Recent advances with the CRF1 receptor: design of small molecule inhibitors, receptor subtypes and clinical indications
by
McCarthy JR, Heinrichs SC, Grigoriadis DE.
Neurocrine Biosciences, Inc.,
San Diego, CA 92121, USA.
jmccarthy@neuroscience.com
Curr Pharm Des 1999 May; 5(5):289-315


ABSTRACT

Corticotropin-releasing factor (CRF) has been widely implicated as playing a major role in modulating the endocrine, autonomic, behavioral and immune responses to stress. The recent cloning of multiple receptors for CRF as well as the discovery of non-peptide receptor antagonists for CRF receptors have begun a new era of CRF study. Presently, there are five distinct targets for CRF with unique cDNA sequences, pharmacology and localization. These fall into three distinct classes, encoded by three different genes and have been termed the CRF1 and CRF2 receptors (belonging to the superfamily of G-protein coupled receptors) and the CRF-binding protein. The CRF2 receptor exists as three splice variants of the same gene and have been designated CRF2a CRF2b and CRF2g. The pharmacology and localization of all of these proteins in brain has been well established. The CRF1 receptor subtype is localized primarily to cortical and cerebellar regions while the CRF2a receptor is localized to subcortical regions including the lateral septum, and paraventricular and ventromedial nuclei of the hypothalamus. The CRF2b receptor is primarily localized to heart, skeletal muscle and in the brain, to cerebral arterioles and choroid plexus. The CRF2g receptor has most recently been identified in human amygdala. Expression of these receptors in mammalian cell lines has made possible the identification of non-peptide, high affinity, selective receptor antagonists. While the natural mammalian ligands oCRF and r/hCRF have high affinity for the CRF1 receptor subtype, they have lower affinity for the CRF2 receptor family making them ineffective labels for CRF2 receptors. [125I]Sauvagine has been characterized as a high affinity ligand for both the CRF1 and the CRF2 receptor subtypes and has been used in both radioligand binding and receptor autoradiographic studies as a tool to aid in the discovery of selective small molecule receptor antagonists. A number of non-peptide CRF1 receptor antagonists that can specifically and selectively block the CRF1 receptor subtype have recently been identified. Compounds such as CP 154,526 (12), NBI 27914 (129) and Antalarmin (154) inhibit CRF-stimulation of cAMP or CRF-stimulated ACTH release from cultured rat anterior pituitary cells. Furthermore, when administered peripherally, these compounds compete for ex vivo [125I]sauvagine binding to CRF1 receptors in brain sections demonstrating their ability to cross the blood-brain-barrier. In in vivo studies, peripheral administration of these compounds attenuate stress-induced elevations in plasma ACTH levels in rats demonstrating that CRF1 receptors can be blocked in the periphery. Furthermore, peripherally administered CRF1 receptor antagonists have also been demonstrated to inhibit CRF-induced seizure activity. These data clearly demonstrate that non-peptide CRF1 receptor antagonists, when administered systemically, can specifically block central CRF1 receptors and provide tools that can be used to determine the role of CRF1 receptors in various neuropsychiatric and neurodegenerative disorders. In addition, these molecules will prove useful in the discovery and development of potential orally active therapeutics for these disorders.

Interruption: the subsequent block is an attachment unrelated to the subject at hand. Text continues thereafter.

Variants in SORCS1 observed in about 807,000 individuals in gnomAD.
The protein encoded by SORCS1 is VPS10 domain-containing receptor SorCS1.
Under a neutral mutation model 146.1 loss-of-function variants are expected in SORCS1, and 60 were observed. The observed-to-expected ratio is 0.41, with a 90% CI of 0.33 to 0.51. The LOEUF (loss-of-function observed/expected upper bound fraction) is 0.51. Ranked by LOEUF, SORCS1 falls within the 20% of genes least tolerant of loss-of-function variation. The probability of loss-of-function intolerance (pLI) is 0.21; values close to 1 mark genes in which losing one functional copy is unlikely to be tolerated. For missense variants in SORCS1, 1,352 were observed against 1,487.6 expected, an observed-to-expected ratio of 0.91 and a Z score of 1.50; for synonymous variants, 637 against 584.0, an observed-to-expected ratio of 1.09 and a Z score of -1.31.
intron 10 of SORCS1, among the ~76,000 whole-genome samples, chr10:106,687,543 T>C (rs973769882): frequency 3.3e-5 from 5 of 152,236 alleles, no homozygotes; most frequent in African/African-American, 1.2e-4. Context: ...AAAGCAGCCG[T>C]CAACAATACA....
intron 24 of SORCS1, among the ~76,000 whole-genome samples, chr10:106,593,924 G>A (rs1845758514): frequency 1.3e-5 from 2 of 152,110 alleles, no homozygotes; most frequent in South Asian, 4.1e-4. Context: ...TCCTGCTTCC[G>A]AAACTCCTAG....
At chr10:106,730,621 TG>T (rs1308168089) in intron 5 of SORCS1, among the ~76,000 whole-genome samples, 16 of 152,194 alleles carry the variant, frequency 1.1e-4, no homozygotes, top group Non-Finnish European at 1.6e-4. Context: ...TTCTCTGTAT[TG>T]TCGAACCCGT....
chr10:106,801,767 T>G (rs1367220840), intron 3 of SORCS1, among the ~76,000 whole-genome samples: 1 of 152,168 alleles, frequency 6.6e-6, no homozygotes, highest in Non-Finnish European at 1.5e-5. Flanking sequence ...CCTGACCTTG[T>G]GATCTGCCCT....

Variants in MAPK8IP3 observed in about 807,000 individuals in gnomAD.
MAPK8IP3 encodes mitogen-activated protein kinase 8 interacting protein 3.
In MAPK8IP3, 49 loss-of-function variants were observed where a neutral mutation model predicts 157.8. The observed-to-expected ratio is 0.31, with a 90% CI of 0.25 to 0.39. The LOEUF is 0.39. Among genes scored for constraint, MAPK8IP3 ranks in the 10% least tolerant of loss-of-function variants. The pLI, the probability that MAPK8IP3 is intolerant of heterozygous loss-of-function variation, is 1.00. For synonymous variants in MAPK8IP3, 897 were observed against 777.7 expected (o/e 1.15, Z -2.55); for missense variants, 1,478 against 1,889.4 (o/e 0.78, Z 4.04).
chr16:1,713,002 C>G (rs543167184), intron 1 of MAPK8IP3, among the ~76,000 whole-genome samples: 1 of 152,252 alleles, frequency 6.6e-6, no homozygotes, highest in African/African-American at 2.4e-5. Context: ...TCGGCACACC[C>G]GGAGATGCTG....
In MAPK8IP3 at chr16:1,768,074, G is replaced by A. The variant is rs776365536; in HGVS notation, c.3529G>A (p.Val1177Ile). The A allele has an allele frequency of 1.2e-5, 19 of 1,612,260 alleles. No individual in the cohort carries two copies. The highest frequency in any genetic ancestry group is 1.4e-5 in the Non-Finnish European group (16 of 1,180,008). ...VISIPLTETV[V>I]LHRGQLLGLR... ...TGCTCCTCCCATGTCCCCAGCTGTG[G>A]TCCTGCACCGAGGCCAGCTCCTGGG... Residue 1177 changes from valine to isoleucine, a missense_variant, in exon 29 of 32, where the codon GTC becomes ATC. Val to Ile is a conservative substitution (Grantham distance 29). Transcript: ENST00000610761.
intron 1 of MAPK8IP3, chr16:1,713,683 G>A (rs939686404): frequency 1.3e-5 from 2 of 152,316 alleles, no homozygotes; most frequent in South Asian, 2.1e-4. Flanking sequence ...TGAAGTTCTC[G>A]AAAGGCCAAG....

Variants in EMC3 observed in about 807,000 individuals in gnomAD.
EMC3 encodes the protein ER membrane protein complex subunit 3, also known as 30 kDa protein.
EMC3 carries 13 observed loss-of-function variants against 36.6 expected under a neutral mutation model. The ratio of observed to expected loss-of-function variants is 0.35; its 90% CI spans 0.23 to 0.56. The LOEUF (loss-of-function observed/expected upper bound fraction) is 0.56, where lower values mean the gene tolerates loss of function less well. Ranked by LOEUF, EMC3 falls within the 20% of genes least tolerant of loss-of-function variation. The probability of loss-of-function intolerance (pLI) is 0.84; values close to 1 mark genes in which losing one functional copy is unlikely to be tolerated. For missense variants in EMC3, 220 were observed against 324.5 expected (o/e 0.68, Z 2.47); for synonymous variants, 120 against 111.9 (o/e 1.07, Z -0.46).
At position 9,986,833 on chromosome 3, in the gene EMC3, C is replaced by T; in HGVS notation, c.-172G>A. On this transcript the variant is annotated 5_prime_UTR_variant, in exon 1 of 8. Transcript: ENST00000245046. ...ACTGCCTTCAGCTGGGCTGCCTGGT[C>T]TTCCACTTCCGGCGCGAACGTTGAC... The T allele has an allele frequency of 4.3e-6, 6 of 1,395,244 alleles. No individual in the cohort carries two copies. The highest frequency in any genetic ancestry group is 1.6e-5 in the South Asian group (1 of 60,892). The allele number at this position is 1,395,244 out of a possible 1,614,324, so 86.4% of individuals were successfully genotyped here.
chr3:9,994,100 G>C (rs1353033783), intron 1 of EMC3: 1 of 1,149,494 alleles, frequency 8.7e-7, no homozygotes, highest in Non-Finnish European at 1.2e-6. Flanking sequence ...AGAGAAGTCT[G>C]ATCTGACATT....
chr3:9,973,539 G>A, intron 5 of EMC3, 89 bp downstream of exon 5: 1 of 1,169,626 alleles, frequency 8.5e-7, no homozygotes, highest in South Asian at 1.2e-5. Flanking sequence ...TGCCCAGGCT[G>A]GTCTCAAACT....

CRF
LHPA
Astressin
Antalarmin
Ketoconazole
Noradrenaline
Corticosteroids
Cushing's syndrome
Glucocorticoids and mood
Hippocampal remodelling
HPA axis, serotonin and suicide
Depression, opioids and the HPA
Antidepressants and new brain cells
CRH, CRHR1 antagonists and depression
The corticosteroid hypothesis of depression
An overactive immune system and depression
New anxiolytics/antidepressants: R278995/CRA0450
Stress, dynorphin, dysphoria and the kappa opioid system


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